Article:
Wallace adds, "It was written thousands of years ago that suffering produces endurance, and endurance produces character, and character produces hope, and hope does not disappoint. Whenever we hold on to hope, we will always find the bounce from a setback..
As a young boy, Wallace writes in his memoir, that when he dropped out of high school, he realized that he had to take any job that was offered. He worked as a janitor in factories, as a parking valet at the Grand Ole Opry in Nashville, TN, and as a truck driver for a meat packing plant. Says Wallace, “Look, don’t let this economy get you down. Sure things are tough right now. But, read my book. Look at what I had to do to survive. If I can make it out, anyone can.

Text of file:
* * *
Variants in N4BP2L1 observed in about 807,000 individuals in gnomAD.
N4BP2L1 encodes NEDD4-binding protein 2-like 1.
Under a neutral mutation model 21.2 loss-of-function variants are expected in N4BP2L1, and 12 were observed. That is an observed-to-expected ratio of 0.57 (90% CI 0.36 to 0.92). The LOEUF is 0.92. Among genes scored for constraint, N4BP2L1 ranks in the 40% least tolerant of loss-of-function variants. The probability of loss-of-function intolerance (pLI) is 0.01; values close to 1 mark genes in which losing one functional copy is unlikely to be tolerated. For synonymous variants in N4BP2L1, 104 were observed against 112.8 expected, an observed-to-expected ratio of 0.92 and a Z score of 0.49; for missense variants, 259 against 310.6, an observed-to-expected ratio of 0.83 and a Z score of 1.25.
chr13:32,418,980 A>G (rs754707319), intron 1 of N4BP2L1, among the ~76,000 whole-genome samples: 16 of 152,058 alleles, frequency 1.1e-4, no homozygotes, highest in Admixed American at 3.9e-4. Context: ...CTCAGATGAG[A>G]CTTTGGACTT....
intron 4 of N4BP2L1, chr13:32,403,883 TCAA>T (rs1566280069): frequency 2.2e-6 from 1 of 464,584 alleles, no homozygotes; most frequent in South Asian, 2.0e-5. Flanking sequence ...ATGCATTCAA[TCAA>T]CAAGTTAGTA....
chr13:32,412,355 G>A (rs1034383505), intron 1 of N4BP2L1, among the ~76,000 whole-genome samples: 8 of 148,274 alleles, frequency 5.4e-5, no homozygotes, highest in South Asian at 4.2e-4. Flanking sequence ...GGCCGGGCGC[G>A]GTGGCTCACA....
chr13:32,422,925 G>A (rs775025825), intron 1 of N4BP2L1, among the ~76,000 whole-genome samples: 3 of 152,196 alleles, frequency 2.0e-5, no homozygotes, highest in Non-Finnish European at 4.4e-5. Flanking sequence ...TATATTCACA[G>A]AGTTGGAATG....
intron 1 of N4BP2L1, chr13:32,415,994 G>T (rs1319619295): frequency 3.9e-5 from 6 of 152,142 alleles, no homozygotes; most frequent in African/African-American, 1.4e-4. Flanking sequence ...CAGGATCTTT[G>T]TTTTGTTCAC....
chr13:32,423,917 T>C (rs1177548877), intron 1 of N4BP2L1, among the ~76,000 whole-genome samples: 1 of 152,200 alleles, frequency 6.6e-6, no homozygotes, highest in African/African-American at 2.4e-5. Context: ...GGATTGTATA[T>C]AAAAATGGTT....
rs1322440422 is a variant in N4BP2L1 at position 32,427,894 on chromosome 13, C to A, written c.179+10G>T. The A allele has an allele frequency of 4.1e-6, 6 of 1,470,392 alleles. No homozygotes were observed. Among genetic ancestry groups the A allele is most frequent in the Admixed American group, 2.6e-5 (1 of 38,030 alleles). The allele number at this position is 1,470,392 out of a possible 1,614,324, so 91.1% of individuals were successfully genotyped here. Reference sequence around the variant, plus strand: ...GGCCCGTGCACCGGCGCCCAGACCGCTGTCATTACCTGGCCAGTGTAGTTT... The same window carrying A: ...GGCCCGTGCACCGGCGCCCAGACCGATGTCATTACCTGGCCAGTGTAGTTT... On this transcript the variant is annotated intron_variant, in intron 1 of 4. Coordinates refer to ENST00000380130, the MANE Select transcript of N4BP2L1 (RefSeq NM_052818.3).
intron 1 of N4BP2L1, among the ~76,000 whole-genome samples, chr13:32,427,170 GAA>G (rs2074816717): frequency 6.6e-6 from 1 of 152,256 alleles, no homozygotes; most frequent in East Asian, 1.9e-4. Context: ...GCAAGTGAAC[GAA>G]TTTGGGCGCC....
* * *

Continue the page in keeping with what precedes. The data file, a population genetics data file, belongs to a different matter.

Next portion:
"If your job is to be a mechanic, then be a grateful mechanic. If your job is to be janitor, then be a grateful janitor. If the Divine Angel assigned to your case reaches out to allow some sort of wonderment to be glimpsed through your hard efforts, then Amen to you. But, if not, then Amen to you anyhow for showing up to do your part–for giving it your very best effort during these worst of times.”
So what is Wallace’s advice to the impoverished and the suffering? “Be grateful for life itself, and discard the bitterness, jealously and hatred whenever life deals you a bad deck of cards.” Amen to you for having the sheer human love and the inner beauty and greatness of being you. Amen to you for having the determination and stubbornness to never give up. Just keep showing up to do your part of it every day, to do your piece that is expected of you, whatever that is.
Amen, thank you, magnificent, and bravo for having the, incomprehensible joy of being grateful, even when things
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